Video: Movement, The Key to Pasture Raised Turkeys

I produced a video showing how we move our turkeys on pasture. Yes, our turkeys are certified organic. And while that is important, it only tells you that their feed is free of pesticides, herbicides, GMOs, hormones, and antibiotics. The other critical piece is that our turkeys are moving to fresh grass on pasture. This is what makes pasture-raised a giant improvement over supposedly “free range” poultry.

This video shows how we make those pasture movements happen for our turkeys.

Full transcript

Hi, I’m Dave, your farmer from Wrong Direction Farm.
I’d like to show you today how we move our turkeys on pasture. (I think this video will actually use footage from a few different days because I’ve had some technical difficulties filming so you might see a few outfit changes and a few weather changes.)
On our farm we move our turkeys on pasture and we constantly keep them on the move. You know, if you look at a farm that’s labeled as free range, that’s a marketing term and that really describes raising turkeys or chickens in a barn. They’re barn raised birds and they have some outdoor access. Now in practical terms what outdoor access usually turns into very quickly actually is a dirt patch that then when it rains it becomes a mud patch. You know turkeys and chickens, they like to graze, they like to scratch. They’re digging in the ground for bugs. When they do that they’ll disrupt the grass layer and if we allow them to stay on one patch of ground too long they’ll just totally tear it up.
So we don’t want to you know let them destroy the soil by stripping all the plants off the surface. What we want to do is to kind of stimulate the soil by having the plants be disrupted temporarily (one, two, three days), and then the birds are gone. They’re on to the next patch of grass and they won’t be back on this pasture again for another year.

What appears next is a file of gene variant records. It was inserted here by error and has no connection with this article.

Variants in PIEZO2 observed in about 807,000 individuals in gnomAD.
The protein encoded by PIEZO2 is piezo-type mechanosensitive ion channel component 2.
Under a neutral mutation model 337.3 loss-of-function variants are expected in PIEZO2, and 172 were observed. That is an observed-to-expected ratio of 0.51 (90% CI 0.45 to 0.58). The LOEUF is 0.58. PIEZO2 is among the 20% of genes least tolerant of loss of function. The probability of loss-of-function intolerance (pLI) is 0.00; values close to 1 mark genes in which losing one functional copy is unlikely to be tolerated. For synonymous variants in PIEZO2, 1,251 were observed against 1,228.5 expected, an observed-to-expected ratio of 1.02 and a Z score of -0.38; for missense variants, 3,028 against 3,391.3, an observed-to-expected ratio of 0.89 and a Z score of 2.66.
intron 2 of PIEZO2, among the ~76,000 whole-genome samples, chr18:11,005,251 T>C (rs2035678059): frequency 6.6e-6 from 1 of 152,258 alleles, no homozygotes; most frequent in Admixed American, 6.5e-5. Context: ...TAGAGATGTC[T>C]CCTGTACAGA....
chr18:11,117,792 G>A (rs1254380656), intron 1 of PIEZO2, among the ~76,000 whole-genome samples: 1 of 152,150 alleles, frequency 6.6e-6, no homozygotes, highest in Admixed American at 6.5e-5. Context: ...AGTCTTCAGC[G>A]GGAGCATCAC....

Now that level of disturbance is something we find that can actually stimulate the plant growth. It allows the turkeys to scratch in some of the thatch layer that builds up on top. And it allows the plants to grow up more vigorously in the future. So when we talk about regenerative farming, you know, this kind of pasture management is an important aspect of that. So let’s get the turkeys on the move.
The first thing we’ll do is to move the fences, and then we’ll move their shelter. That has a water trailer tagged on behind it so that’ll drag along with it. And then we’ll move the feeders and set up the fences again and maybe spend a little time with the turkeys. Hey there! You want to get in on, yeah, you want to get in on the shot? All right, let’s get at it.
So when we move the turkeys we actually have to move these net fences. We have these set up all over the edge of the field and these are portable fences. They’re plastic twine but they’ve got little stainless steel filaments in here to conduct the electricity. So once the turkeys learn about these fences, they get shocked on it a few times, they pretty much stay away from them. It keeps the turkeys in a contained area for a little while and then we can move the fence to the next spot. These fences are also really effective at keeping predators like coyotes out. Once the coyotes touch their noses to this they don’t want to come back and touch it again.
And yeah, if you’re wondering, we get shocked on these things all the time. I’ve got it turned off right now; obviously I’m touching the fence. But yeah, somehow I always manage to forget when I’ve got it shut off and I get blasted. It just hurts for a split second and then it goes away it’s a very short — I forget what fraction of a millisecond it is — but it’s a high voltage, very short duration pulse. So it’s just enough to let you know, “OK, let’s not do that again”. Apparently, it teaches the turkeys but not me.